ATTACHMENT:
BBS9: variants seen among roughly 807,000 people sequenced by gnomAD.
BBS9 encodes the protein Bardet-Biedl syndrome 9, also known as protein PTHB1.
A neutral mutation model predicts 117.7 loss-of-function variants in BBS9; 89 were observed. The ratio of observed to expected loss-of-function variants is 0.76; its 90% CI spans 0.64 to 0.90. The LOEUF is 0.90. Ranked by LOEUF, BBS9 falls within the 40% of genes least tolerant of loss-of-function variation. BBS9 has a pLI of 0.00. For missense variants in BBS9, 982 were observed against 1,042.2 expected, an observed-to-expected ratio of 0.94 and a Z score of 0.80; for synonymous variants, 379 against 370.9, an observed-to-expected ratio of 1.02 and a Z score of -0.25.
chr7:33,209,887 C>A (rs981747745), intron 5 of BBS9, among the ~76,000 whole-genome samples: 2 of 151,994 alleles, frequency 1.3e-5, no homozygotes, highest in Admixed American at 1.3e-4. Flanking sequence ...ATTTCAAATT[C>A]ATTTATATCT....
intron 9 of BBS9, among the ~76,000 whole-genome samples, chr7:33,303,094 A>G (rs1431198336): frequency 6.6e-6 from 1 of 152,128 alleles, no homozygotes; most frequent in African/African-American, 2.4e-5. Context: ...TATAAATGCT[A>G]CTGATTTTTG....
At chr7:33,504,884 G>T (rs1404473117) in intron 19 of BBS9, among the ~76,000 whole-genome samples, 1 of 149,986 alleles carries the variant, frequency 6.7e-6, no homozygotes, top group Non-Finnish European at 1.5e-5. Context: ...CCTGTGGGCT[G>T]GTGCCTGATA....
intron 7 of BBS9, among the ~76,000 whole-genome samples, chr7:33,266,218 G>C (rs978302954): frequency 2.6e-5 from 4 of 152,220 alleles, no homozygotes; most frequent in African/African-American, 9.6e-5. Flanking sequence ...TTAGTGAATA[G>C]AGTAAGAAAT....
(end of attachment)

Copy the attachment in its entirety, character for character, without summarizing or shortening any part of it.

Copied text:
BBS9: variants seen among roughly 807,000 people sequenced by gnomAD.
BBS9 encodes the protein Bardet-Biedl syndrome 9, also known as protein PTHB1.
A neutral mutation model predicts 117.7 loss-of-function variants in BBS9; 89 were observed. The ratio of observed to expected loss-of-function variants is 0.76; its 90% CI spans 0.64 to 0.90. The LOEUF is 0.90. Ranked by LOEUF, BBS9 falls within the 40% of genes least tolerant of loss-of-function variation. BBS9 has a pLI of 0.00. For missense variants in BBS9, 982 were observed against 1,042.2 expected, an observed-to-expected ratio of 0.94 and a Z score of 0.80; for synonymous variants, 379 against 370.9, an observed-to-expected ratio of 1.02 and a Z score of -0.25.
chr7:33,209,887 C>A (rs981747745), intron 5 of BBS9, among the ~76,000 whole-genome samples: 2 of 151,994 alleles, frequency 1.3e-5, no homozygotes, highest in Admixed American at 1.3e-4. Flanking sequence ...ATTTCAAATT[C>A]ATTTATATCT....
intron 9 of BBS9, among the ~76,000 whole-genome samples, chr7:33,303,094 A>G (rs1431198336): frequency 6.6e-6 from 1 of 152,128 alleles, no homozygotes; most frequent in African/African-American, 2.4e-5. Context: ...TATAAATGCT[A>G]CTGATTTTTG....
At chr7:33,504,884 G>T (rs1404473117) in intron 19 of BBS9, among the ~76,000 whole-genome samples, 1 of 149,986 alleles carries the variant, frequency 6.7e-6, no homozygotes, top group Non-Finnish European at 1.5e-5. Context: ...CCTGTGGGCT[G>T]GTGCCTGATA....
intron 7 of BBS9, among the ~76,000 whole-genome samples, chr7:33,266,218 G>C (rs978302954): frequency 2.6e-5 from 4 of 152,220 alleles, no homozygotes; most frequent in African/African-American, 9.6e-5. Flanking sequence ...TTAGTGAATA[G>C]AGTAAGAAAT....